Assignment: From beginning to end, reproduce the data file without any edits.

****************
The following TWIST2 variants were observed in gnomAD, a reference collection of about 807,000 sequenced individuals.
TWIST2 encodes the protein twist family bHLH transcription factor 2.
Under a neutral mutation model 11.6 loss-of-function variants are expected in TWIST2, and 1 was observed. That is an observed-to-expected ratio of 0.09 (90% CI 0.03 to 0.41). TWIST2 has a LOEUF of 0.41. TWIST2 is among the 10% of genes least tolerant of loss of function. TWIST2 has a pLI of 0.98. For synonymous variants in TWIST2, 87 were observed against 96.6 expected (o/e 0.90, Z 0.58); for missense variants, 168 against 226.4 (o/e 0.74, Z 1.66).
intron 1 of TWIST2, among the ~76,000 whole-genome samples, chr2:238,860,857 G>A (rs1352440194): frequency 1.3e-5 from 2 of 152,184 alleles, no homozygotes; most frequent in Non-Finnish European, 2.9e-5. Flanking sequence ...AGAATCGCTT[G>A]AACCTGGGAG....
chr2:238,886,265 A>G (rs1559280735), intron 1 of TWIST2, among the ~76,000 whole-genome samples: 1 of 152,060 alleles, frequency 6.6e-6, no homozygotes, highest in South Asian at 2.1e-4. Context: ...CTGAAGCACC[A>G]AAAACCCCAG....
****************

The following TWIST2 variants were observed in gnomAD, a reference collection of about 807,000 sequenced individuals.
TWIST2 encodes the protein twist family bHLH transcription factor 2.
Under a neutral mutation model 11.6 loss-of-function variants are expected in TWIST2, and 1 was observed. That is an observed-to-expected ratio of 0.09 (90% CI 0.03 to 0.41). TWIST2 has a LOEUF of 0.41. TWIST2 is among the 10% of genes least tolerant of loss of function. TWIST2 has a pLI of 0.98. For synonymous variants in TWIST2, 87 were observed against 96.6 expected (o/e 0.90, Z 0.58); for missense variants, 168 against 226.4 (o/e 0.74, Z 1.66).
intron 1 of TWIST2, among the ~76,000 whole-genome samples, chr2:238,860,857 G>A (rs1352440194): frequency 1.3e-5 from 2 of 152,184 alleles, no homozygotes; most frequent in Non-Finnish European, 2.9e-5. Flanking sequence ...AGAATCGCTT[G>A]AACCTGGGAG....
chr2:238,886,265 A>G (rs1559280735), intron 1 of TWIST2, among the ~76,000 whole-genome samples: 1 of 152,060 alleles, frequency 6.6e-6, no homozygotes, highest in South Asian at 2.1e-4. Context: ...CTGAAGCACC[A>G]AAAACCCCAG....